GAO Rejects Boeing/LM Protest on LRS-B Contract | IAI Introduces Loitering Munitions at Singapore Air Show | Saab Launches GlobalEye to Wider Market
- The joint Boeing/Lockheed Martin protest filed against the Long Range Strike Bomber (LRS-B) contract awarded to Northrop Grumman has been rejected by the US Government Accountability Office (GAO). The complaint, claiming that the competition was “fundamentally flawed“, was filed last November and resulted in a three month delay in engineering and development work by Northrop. The GAO found no basis to sustain or uphold the protest, which analysts estimate to be worth over $80 billion over the course of the contract. With 100 hundred bombers to be manufactured for the USAF, Boeing can still bring the challenge to federal court as they look to make up for lost production contracts and potential job losses ahead.
- The US Navy has completed the first of two operational tests on Northrop Grumman’s MQ-4C. While data on the tests is still being analyzed, a favorable review could see a low rate procurement contract awarded in the second quarter of this year, a year ahead of the next operational test event. Initial plans for the UAV involve providing broad area surveillance over 5 orbits encircling the globe, then cueing the manned P-8A Poseidon to inspect closer or deploy weapons. Initial predictions of fleet loss of four per 100,000 hours led the Navy to order 70 to maintain an operational fleet of 20. This has, however, has come under scrutiny from the Department of Defense and could lead to the Navy reviewing and altering their attrition requirement.
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- Israeli Aerospace Industries (IAI) has introduced a new series of loitering munitions at the Singapore Air Show. One of these is the Rotem L, a small grenade-carrying quadrotor which explodes on contact and is designed for use in urban operations. Alternatively, it can be fitted with a surveillance payload. The Harpy NG (New Generation) is designed to counter the newer types of air defense radar threats that have evolved since the introduction into service of its earlier incarnations. Improvements include a new Anti-Radiation (AR) Seeker fitted into the chassis of the Harop UAV, increasing its range and endurance. The final addition is the all-electric, cannister launched Green Dragon for operation by land forces. Designed to be a cheaper, more easily operated munition, it contains a 3kg warhead, a communications range of up to 21nm (40km) and a built-in “abort and go around” capability to prevent unnecessary collateral damage or mistaken targeting.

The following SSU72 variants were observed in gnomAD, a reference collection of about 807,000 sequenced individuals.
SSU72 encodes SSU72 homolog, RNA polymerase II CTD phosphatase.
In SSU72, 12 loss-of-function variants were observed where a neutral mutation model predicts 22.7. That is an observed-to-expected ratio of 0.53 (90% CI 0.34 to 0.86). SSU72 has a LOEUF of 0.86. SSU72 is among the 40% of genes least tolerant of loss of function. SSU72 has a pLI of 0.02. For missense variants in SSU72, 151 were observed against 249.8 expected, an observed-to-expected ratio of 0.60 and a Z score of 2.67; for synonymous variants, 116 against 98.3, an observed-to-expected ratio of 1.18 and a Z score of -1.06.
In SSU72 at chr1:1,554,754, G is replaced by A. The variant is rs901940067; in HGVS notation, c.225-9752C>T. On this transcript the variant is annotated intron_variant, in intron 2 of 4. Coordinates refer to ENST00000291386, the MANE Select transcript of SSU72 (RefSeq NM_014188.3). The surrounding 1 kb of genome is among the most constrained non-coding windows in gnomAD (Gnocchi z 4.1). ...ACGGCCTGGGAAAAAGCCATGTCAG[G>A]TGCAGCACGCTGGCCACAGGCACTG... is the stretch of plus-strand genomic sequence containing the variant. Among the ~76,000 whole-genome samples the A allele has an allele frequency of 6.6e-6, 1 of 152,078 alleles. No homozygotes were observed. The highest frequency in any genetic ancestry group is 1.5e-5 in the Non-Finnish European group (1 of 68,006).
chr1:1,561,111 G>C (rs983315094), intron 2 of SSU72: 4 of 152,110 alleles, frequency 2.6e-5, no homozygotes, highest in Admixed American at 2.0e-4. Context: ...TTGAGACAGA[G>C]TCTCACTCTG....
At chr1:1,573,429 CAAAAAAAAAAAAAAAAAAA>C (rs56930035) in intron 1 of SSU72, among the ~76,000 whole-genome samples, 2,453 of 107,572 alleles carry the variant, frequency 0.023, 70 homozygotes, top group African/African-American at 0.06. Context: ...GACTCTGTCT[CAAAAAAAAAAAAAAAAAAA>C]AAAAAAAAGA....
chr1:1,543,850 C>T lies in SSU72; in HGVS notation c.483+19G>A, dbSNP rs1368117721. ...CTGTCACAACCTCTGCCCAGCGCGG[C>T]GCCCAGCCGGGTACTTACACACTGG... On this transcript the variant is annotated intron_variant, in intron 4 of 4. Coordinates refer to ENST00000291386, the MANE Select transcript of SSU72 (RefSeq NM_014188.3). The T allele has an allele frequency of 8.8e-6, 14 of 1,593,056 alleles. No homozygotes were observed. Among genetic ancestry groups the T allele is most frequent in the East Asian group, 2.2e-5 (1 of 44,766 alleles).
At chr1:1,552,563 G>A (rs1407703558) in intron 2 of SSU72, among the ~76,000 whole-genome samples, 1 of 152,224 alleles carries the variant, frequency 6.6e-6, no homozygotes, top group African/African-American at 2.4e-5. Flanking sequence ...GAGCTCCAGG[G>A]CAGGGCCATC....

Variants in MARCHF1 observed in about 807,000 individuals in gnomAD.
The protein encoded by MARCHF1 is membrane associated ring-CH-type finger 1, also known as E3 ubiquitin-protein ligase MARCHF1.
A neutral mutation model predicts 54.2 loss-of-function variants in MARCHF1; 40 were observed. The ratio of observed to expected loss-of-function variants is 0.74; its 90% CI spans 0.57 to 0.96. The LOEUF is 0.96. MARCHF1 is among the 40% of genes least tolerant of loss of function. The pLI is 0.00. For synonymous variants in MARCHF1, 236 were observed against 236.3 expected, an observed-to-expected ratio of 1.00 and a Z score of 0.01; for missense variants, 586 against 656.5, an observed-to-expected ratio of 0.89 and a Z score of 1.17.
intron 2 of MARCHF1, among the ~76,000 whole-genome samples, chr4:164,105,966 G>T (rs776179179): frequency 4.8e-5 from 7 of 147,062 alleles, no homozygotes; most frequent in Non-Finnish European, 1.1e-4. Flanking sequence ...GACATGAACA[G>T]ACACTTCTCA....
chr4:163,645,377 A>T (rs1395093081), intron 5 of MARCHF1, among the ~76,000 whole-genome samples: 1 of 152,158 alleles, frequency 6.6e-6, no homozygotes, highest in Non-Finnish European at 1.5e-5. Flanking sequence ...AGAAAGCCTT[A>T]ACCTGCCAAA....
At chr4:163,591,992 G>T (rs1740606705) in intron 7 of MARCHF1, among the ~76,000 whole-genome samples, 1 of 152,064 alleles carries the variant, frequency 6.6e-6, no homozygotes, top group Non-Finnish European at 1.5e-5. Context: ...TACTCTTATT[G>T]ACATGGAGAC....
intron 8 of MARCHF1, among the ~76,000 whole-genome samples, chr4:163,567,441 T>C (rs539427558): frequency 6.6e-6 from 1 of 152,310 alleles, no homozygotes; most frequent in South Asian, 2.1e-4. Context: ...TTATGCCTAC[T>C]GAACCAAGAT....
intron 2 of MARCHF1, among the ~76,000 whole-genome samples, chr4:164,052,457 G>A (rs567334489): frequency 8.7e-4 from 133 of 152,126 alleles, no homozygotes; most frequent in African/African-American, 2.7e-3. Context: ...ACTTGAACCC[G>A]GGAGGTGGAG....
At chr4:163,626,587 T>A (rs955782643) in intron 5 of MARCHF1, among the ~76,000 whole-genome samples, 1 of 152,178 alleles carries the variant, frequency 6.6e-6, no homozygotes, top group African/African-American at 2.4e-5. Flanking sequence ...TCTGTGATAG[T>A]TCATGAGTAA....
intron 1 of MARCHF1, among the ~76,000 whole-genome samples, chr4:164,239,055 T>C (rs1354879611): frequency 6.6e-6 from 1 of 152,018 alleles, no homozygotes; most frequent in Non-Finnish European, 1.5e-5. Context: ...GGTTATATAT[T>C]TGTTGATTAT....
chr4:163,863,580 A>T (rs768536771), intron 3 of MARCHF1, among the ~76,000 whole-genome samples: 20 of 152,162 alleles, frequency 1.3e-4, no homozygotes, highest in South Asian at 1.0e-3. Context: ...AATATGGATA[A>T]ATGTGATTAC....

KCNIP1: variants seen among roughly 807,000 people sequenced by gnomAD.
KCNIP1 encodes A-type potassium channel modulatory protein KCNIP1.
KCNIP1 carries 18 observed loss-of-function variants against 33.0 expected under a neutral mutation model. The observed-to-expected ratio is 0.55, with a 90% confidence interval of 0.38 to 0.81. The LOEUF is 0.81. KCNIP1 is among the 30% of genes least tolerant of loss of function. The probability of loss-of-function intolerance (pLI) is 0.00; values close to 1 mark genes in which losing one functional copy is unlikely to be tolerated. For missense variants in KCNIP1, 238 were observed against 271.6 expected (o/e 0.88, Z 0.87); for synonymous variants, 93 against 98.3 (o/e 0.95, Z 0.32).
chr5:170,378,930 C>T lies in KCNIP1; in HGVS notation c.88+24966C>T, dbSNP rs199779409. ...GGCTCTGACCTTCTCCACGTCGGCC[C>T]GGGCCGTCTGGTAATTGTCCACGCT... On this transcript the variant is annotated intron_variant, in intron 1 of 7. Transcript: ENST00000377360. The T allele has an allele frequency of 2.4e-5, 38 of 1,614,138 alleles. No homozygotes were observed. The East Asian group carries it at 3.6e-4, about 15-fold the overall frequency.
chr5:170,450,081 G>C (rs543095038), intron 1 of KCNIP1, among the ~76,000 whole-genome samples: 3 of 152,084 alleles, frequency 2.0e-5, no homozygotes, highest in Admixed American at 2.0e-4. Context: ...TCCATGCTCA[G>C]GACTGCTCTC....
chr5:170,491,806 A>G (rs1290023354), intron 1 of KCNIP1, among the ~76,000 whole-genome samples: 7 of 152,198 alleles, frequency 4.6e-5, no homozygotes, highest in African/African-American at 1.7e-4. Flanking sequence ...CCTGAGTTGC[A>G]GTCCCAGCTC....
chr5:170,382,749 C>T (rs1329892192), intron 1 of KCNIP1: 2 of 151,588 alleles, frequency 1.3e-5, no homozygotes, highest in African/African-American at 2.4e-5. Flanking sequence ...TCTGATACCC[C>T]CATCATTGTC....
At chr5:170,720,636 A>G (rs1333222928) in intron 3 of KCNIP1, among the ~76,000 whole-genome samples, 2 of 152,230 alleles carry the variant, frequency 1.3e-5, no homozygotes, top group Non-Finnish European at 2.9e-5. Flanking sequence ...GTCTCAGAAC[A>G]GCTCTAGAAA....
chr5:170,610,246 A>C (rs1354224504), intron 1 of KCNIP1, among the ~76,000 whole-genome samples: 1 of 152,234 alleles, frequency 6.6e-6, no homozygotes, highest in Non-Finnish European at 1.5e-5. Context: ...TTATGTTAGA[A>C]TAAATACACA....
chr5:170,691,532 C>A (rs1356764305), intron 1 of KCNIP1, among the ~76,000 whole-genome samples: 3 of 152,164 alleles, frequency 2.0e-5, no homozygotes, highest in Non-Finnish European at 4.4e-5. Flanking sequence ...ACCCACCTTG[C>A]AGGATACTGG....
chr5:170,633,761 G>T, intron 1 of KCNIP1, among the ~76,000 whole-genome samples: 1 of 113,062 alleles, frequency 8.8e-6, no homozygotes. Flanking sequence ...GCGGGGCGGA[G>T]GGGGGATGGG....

- The French procurement agency DGA is to recruit 160 staffers this year in an effort to improve organization and service surrounding foreign arms sales. By 2020 this number will increase to 500. With $18 billion in arms exports last year, the DGA hopes to continue this trend and to forge a “real partnership” in projects and programs according to their spokesperson. The need for this comes as customers are increasingly looking for deeper understanding in the specifications of the technology, such as India wanting to make Dassault’s Rafale fighters domestically, and Australia’s latest tender for an attack submarine which has French firm DCNS competing for the contract.